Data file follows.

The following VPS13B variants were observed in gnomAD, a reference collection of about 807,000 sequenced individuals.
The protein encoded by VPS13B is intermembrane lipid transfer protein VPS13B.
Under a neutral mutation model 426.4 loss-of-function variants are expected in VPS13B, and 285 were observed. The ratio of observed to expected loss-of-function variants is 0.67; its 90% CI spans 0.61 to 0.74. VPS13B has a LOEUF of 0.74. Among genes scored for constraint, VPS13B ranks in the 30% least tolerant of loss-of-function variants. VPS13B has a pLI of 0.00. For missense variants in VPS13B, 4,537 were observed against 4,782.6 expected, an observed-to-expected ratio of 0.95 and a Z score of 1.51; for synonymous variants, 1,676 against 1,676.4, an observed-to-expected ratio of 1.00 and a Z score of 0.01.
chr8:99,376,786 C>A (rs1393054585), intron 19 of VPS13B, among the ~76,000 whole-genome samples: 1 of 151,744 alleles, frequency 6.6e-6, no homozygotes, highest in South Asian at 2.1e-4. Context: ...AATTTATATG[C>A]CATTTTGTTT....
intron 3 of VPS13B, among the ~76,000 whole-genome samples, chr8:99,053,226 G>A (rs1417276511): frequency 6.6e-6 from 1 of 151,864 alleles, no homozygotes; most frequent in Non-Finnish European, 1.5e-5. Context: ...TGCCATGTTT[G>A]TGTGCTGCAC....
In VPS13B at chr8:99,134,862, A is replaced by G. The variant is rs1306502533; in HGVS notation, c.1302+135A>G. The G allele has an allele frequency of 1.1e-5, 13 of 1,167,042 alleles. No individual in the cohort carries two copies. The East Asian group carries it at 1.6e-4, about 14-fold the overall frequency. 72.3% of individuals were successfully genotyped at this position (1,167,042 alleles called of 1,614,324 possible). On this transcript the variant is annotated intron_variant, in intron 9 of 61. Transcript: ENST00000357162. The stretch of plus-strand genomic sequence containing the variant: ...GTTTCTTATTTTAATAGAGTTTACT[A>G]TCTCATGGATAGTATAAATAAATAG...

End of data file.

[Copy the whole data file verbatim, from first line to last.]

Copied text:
The following VPS13B variants were observed in gnomAD, a reference collection of about 807,000 sequenced individuals.
The protein encoded by VPS13B is intermembrane lipid transfer protein VPS13B.
Under a neutral mutation model 426.4 loss-of-function variants are expected in VPS13B, and 285 were observed. The ratio of observed to expected loss-of-function variants is 0.67; its 90% CI spans 0.61 to 0.74. VPS13B has a LOEUF of 0.74. Among genes scored for constraint, VPS13B ranks in the 30% least tolerant of loss-of-function variants. VPS13B has a pLI of 0.00. For missense variants in VPS13B, 4,537 were observed against 4,782.6 expected, an observed-to-expected ratio of 0.95 and a Z score of 1.51; for synonymous variants, 1,676 against 1,676.4, an observed-to-expected ratio of 1.00 and a Z score of 0.01.
chr8:99,376,786 C>A (rs1393054585), intron 19 of VPS13B, among the ~76,000 whole-genome samples: 1 of 151,744 alleles, frequency 6.6e-6, no homozygotes, highest in South Asian at 2.1e-4. Context: ...AATTTATATG[C>A]CATTTTGTTT....
intron 3 of VPS13B, among the ~76,000 whole-genome samples, chr8:99,053,226 G>A (rs1417276511): frequency 6.6e-6 from 1 of 151,864 alleles, no homozygotes; most frequent in Non-Finnish European, 1.5e-5. Context: ...TGCCATGTTT[G>A]TGTGCTGCAC....
In VPS13B at chr8:99,134,862, A is replaced by G. The variant is rs1306502533; in HGVS notation, c.1302+135A>G. The G allele has an allele frequency of 1.1e-5, 13 of 1,167,042 alleles. No individual in the cohort carries two copies. The East Asian group carries it at 1.6e-4, about 14-fold the overall frequency. 72.3% of individuals were successfully genotyped at this position (1,167,042 alleles called of 1,614,324 possible). On this transcript the variant is annotated intron_variant, in intron 9 of 61. Transcript: ENST00000357162. The stretch of plus-strand genomic sequence containing the variant: ...GTTTCTTATTTTAATAGAGTTTACT[A>G]TCTCATGGATAGTATAAATAAATAG...